Ammiano calls the Other Cafe's record on gays not so funny

The Other Cafe's founders (Bob Ayres center) in 1980
Photo courtesy of Bob Ayres

“When people tell someone a history it's always one side of it. What I know is a little darker.” Assemblyman Tom Ammiano had seen our post on this weekend's Other Cafe reunion (Sat/25), and had a bone to pick with our description of the defunct Haight-Ashbury stand up club's progressive approach to comedy. Namely, the Other's attitude when it came to gay comics during its 1980s heyday – a view which club founder Bob Ayres vehemently disputes.

Ammiano should know – in addition to his early career as a special education teacher and current one as the political voice of the 13th Assembly District, he was a gay stand up comedian in a city that has been hollered at as the modern day creche of homo wisecracking. He founded the gay comedy night Valencia Rose Cabaret in 1980, thereby earning himself the grand distinction of “Mother of Gay Comedy.”

But he couldn't get work just everywhere. “The interesting thing is that this was San Francisco – I can't really think of a gayer city than that,” he told me on the phone today. “When we tried entry to the Other Cafe and Punchline [another club open to this day], we were denied access.” Ammiano said that club schedulers would tell them that due to the AIDS crisis, audiences weren't comfortable with “gay material.” Or else that audiences just didn't like listening to gay jokes, or they would be less direct but still firm on the fact that no gigs with them would be forthcoming. “It was really a bummer. We had our audiences and everything, but [club owners and schedulers] were homophobic.”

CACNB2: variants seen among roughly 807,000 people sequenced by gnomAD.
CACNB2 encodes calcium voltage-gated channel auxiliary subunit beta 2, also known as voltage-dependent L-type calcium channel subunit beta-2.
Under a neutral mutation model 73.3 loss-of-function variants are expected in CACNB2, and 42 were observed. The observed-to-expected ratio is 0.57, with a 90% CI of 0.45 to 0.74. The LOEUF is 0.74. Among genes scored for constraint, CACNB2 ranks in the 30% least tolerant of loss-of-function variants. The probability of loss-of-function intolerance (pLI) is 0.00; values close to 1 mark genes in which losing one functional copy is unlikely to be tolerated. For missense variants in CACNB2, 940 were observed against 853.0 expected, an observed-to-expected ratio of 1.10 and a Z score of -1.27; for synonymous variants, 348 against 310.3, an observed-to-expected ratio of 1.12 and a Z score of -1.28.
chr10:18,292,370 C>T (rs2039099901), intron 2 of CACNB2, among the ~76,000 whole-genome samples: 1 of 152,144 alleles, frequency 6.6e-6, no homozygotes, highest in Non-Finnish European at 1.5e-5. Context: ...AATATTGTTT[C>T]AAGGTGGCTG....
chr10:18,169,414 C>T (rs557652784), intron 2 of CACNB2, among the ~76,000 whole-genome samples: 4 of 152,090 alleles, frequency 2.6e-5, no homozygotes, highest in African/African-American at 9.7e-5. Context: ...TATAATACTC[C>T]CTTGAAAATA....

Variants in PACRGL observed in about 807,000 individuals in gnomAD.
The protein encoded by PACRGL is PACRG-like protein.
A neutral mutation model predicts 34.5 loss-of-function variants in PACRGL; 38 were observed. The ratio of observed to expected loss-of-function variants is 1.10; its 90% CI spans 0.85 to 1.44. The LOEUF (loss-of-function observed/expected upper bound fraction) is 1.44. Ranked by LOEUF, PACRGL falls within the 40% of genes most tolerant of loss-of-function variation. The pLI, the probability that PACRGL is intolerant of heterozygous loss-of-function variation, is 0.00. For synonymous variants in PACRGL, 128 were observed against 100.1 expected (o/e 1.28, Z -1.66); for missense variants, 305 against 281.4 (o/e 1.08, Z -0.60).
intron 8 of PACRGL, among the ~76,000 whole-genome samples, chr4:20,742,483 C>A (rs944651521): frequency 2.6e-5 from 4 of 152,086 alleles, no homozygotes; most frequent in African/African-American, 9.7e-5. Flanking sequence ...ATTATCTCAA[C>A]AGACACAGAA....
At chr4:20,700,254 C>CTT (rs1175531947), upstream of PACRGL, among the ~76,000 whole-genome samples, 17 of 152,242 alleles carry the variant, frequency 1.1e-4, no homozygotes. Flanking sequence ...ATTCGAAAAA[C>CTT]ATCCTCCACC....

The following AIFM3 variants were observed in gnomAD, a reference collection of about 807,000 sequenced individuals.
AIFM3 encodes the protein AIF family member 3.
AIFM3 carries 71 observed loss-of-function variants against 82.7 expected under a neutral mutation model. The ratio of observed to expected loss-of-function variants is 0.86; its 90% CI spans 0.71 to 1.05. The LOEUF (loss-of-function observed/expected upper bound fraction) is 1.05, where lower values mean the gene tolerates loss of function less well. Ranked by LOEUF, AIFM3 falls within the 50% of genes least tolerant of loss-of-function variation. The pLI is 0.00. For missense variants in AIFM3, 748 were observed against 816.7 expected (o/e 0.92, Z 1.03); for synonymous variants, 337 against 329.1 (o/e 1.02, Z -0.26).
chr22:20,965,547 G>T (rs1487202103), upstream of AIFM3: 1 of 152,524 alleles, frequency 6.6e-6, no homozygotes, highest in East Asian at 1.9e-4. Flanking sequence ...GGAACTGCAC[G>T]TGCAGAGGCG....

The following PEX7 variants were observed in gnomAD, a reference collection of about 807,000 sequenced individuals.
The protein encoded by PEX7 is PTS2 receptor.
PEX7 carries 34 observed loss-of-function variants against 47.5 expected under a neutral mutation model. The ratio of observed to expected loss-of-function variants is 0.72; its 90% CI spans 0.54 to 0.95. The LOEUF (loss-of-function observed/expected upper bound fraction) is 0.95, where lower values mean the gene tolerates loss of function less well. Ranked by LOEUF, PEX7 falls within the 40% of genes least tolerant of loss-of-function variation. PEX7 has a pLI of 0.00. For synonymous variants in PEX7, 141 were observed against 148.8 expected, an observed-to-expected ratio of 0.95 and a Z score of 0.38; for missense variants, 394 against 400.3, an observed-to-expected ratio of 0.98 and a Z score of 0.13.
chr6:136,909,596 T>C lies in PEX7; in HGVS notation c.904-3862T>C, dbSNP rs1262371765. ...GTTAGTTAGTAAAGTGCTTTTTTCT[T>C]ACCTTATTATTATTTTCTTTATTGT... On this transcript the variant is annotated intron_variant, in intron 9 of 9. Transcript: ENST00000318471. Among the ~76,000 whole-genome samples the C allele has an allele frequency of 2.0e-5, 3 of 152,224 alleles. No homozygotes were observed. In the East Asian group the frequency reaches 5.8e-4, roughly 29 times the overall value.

Ayres' comments on the matter implies a bit of sour grapes on the part of Assemblyman Ammiano. Quoth he:

 "At the height of the comedy boom it was tough for many comedians to get gigs there. We were able to pick from among the very brightest of acts from around the country. It was the hardest thing about owning a high profile comedy room, saying no to deserving comics. The charge that we closeted comics or disallowed gay material is blatantly untrue nor is it supported by the facts. We had many gay comedians play and even headline the club. Must we list them? Tom as a beginning comedian back then may have felt he deserved more stage time and maybe he knows others that feel that way. But there are also hundreds of straight comedians who feel they deserved more gigs there. We simply tried to bring the funniest comedians we could find to our club every night. Their sexual preference was of no concern to us ever. It still isn't. We would never have survived nor prospered as a comedy club had we told comedians what material to do." 

When I read Ammiano a list that Ayres had sent me of gay comedians that had performed at the club, Ammiano said that most of the names were people that had performed there "in the '90s" (note: the club had already closed by then), or had performed closeted, or hadn't done explicitly “gay material.”

Which is not to negate all of Ammiano's respect for the Other's comedic legacy. “It was just amazing. People got their careers started, we had a lot of heavyweights get their start here, they're absolutly right that way,” he said.